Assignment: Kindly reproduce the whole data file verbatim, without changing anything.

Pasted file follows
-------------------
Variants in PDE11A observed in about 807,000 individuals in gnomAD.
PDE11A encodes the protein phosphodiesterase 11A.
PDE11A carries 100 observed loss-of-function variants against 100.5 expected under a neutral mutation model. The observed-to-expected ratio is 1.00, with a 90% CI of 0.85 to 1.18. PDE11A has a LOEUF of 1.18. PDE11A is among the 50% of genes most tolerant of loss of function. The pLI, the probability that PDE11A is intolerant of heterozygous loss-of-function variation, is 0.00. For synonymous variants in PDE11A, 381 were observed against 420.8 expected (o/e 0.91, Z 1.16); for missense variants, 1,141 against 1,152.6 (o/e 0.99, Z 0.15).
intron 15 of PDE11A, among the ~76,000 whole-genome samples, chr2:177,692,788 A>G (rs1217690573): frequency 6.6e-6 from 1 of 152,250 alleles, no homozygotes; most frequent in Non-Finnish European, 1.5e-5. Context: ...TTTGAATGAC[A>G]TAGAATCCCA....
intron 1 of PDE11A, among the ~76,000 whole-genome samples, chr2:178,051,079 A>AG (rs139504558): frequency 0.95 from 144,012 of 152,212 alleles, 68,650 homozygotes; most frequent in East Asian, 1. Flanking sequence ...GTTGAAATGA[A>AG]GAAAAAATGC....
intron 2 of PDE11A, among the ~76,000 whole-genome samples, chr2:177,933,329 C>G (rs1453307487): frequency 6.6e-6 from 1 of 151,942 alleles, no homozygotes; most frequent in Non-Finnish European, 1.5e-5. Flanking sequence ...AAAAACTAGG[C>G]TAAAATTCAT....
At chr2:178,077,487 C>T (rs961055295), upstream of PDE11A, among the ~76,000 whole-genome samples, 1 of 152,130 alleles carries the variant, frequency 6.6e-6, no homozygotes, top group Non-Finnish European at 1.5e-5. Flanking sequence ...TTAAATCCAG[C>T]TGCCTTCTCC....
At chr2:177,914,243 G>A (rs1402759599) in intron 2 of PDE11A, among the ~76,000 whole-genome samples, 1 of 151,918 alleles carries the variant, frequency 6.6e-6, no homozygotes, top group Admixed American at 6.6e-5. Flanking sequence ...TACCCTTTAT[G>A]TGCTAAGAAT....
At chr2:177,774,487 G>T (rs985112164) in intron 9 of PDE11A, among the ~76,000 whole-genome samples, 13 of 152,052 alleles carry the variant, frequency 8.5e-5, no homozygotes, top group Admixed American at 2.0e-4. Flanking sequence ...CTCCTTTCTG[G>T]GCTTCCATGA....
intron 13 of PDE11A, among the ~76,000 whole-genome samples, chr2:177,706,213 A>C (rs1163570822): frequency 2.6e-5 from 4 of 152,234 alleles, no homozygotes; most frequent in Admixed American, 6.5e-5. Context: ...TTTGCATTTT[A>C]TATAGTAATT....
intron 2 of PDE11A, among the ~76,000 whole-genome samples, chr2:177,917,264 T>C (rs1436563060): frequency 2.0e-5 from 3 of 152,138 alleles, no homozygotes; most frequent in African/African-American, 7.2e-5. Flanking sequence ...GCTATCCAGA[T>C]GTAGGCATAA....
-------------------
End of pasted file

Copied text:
Variants in PDE11A observed in about 807,000 individuals in gnomAD.
PDE11A encodes the protein phosphodiesterase 11A.
PDE11A carries 100 observed loss-of-function variants against 100.5 expected under a neutral mutation model. The observed-to-expected ratio is 1.00, with a 90% CI of 0.85 to 1.18. PDE11A has a LOEUF of 1.18. PDE11A is among the 50% of genes most tolerant of loss of function. The pLI, the probability that PDE11A is intolerant of heterozygous loss-of-function variation, is 0.00. For synonymous variants in PDE11A, 381 were observed against 420.8 expected (o/e 0.91, Z 1.16); for missense variants, 1,141 against 1,152.6 (o/e 0.99, Z 0.15).
intron 15 of PDE11A, among the ~76,000 whole-genome samples, chr2:177,692,788 A>G (rs1217690573): frequency 6.6e-6 from 1 of 152,250 alleles, no homozygotes; most frequent in Non-Finnish European, 1.5e-5. Context: ...TTTGAATGAC[A>G]TAGAATCCCA....
intron 1 of PDE11A, among the ~76,000 whole-genome samples, chr2:178,051,079 A>AG (rs139504558): frequency 0.95 from 144,012 of 152,212 alleles, 68,650 homozygotes; most frequent in East Asian, 1. Flanking sequence ...GTTGAAATGA[A>AG]GAAAAAATGC....
intron 2 of PDE11A, among the ~76,000 whole-genome samples, chr2:177,933,329 C>G (rs1453307487): frequency 6.6e-6 from 1 of 151,942 alleles, no homozygotes; most frequent in Non-Finnish European, 1.5e-5. Flanking sequence ...AAAAACTAGG[C>G]TAAAATTCAT....
At chr2:178,077,487 C>T (rs961055295), upstream of PDE11A, among the ~76,000 whole-genome samples, 1 of 152,130 alleles carries the variant, frequency 6.6e-6, no homozygotes, top group Non-Finnish European at 1.5e-5. Flanking sequence ...TTAAATCCAG[C>T]TGCCTTCTCC....
At chr2:177,914,243 G>A (rs1402759599) in intron 2 of PDE11A, among the ~76,000 whole-genome samples, 1 of 151,918 alleles carries the variant, frequency 6.6e-6, no homozygotes, top group Admixed American at 6.6e-5. Flanking sequence ...TACCCTTTAT[G>A]TGCTAAGAAT....
At chr2:177,774,487 G>T (rs985112164) in intron 9 of PDE11A, among the ~76,000 whole-genome samples, 13 of 152,052 alleles carry the variant, frequency 8.5e-5, no homozygotes, top group Admixed American at 2.0e-4. Flanking sequence ...CTCCTTTCTG[G>T]GCTTCCATGA....
intron 13 of PDE11A, among the ~76,000 whole-genome samples, chr2:177,706,213 A>C (rs1163570822): frequency 2.6e-5 from 4 of 152,234 alleles, no homozygotes; most frequent in Admixed American, 6.5e-5. Context: ...TTTGCATTTT[A>C]TATAGTAATT....
intron 2 of PDE11A, among the ~76,000 whole-genome samples, chr2:177,917,264 T>C (rs1436563060): frequency 2.0e-5 from 3 of 152,138 alleles, no homozygotes; most frequent in African/African-American, 7.2e-5. Flanking sequence ...GCTATCCAGA[T>C]GTAGGCATAA....